There have been, indeed, a few positive steps in this direction. In 2020, the government announced formation of Indian National Space Promotion and Authorization Centre (IN-SPACe) to work in this direction by providing ground work on the need and demand of private players and New Space India Limited (NSIL) for facilitating participation of private sector and acting as “aggregator of used requirements and obtain commitments”. Earlier, ISRO has been indulging into commercialization of space through its commercial arm Antrix Corporation. Manufacturing and fabrication of rockets and satellites was handled by private companies. However, the private sector players were not given enough room or opportunities to undertake independent launch projects like what SpaceX has been doing in USA. In facilitating growing involvement of the private sector, IN-SPACe is likely to play a crucial role by the private sector. Legislations like US Spurring Private Aerospace Competitiveness and Entrepreneurship Act, 2015 (SPACE Act) of the United State demonstrate the room left for the private sector in the USA to act in outer space and this can be a model for other countries such as India.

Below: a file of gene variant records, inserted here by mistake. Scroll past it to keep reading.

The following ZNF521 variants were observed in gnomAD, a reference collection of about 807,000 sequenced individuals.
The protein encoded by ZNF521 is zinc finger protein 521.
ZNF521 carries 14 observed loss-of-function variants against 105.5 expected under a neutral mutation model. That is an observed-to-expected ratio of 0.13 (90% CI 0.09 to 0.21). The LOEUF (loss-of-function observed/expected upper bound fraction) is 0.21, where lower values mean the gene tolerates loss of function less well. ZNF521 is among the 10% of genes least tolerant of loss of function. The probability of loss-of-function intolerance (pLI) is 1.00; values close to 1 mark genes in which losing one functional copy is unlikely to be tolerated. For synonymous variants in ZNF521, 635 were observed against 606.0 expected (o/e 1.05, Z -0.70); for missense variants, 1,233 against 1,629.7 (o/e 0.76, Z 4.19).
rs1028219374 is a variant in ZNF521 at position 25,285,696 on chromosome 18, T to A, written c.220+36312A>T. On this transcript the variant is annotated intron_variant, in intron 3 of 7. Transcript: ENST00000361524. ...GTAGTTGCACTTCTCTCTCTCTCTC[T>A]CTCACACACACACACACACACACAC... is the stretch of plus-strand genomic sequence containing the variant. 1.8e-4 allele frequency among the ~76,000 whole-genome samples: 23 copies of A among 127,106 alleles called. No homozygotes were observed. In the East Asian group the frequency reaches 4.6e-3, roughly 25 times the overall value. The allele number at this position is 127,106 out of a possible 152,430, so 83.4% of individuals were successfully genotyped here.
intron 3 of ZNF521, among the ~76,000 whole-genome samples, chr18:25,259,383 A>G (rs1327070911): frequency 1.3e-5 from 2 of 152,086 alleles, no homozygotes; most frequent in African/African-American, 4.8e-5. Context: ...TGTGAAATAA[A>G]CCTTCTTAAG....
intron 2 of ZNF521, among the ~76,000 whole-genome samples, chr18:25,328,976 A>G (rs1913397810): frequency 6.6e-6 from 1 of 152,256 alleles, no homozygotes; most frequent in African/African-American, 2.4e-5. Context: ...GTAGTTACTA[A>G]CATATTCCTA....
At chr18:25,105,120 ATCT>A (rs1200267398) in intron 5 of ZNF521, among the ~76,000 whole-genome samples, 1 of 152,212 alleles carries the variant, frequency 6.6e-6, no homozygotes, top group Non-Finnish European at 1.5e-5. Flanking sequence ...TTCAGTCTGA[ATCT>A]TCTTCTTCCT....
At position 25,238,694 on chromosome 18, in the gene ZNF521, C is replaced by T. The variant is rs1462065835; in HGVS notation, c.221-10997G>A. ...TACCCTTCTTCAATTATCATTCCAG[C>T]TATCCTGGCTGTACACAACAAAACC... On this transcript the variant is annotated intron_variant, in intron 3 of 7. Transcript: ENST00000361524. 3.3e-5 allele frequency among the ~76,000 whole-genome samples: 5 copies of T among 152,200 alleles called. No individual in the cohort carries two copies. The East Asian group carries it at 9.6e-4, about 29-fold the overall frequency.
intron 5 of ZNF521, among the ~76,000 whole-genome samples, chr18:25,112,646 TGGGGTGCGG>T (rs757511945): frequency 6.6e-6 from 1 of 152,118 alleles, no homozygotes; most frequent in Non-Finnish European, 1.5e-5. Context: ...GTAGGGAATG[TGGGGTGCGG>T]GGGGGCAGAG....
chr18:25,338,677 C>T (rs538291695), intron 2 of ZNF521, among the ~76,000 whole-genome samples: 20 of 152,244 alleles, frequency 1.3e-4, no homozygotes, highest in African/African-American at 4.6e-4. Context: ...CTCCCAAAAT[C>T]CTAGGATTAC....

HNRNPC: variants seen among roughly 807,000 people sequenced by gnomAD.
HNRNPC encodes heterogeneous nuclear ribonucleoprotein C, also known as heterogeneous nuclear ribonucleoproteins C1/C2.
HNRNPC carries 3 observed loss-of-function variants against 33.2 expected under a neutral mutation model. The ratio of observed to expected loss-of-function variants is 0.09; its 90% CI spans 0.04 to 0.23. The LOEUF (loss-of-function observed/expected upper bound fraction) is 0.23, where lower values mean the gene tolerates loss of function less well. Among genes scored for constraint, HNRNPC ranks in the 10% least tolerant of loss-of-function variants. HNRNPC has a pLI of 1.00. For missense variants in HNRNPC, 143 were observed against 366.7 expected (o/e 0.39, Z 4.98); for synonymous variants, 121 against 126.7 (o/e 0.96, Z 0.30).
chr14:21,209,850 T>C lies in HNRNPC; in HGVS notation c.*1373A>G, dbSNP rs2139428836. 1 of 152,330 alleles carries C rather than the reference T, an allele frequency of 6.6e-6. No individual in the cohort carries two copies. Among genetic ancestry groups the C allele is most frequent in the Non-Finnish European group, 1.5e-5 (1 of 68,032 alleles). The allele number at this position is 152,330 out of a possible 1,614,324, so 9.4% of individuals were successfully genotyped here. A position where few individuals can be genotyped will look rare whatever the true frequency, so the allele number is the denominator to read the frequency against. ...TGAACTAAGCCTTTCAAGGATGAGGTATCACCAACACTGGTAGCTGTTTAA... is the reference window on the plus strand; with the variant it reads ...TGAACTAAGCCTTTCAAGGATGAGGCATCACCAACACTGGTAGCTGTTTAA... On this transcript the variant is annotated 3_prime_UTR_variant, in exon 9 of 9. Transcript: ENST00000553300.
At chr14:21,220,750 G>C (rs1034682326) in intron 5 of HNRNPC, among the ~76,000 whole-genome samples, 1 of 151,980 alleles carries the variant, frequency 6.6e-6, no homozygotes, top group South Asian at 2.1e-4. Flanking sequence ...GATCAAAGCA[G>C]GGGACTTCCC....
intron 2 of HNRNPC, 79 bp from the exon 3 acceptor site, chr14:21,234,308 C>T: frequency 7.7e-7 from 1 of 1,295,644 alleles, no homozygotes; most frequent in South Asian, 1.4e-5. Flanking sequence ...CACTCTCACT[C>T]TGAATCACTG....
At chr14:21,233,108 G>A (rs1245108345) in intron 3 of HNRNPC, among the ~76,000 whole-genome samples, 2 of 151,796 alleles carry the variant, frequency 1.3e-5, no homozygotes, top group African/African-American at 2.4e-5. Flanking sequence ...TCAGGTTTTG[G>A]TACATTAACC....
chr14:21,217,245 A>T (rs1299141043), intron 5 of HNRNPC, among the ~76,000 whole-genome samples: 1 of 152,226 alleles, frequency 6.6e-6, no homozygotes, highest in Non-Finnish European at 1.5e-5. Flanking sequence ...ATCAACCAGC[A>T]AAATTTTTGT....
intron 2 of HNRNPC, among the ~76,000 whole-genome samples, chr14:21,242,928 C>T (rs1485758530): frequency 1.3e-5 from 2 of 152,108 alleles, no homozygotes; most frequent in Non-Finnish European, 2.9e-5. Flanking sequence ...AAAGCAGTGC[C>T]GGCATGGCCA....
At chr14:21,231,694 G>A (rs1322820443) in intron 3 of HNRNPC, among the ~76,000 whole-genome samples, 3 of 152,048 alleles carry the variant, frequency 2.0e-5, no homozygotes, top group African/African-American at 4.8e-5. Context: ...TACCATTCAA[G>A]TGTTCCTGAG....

In a welfare state like India, it cannot be denied that huge monetary requirements exist for the purposes of education, health, infrastructure development, environment and social security which fall in the category of essential state services. It is easy to consider any investments in space as a luxury and a vanity expenditure. However, it is important to note that a headway in space technology also means that the costs of fundamental infrastructure such as telecommunications and the internet go substantially down. Countries which will be able to drive down costs of infrastructure are likely to overtake those who would have to spend more to get the same infrastructure output.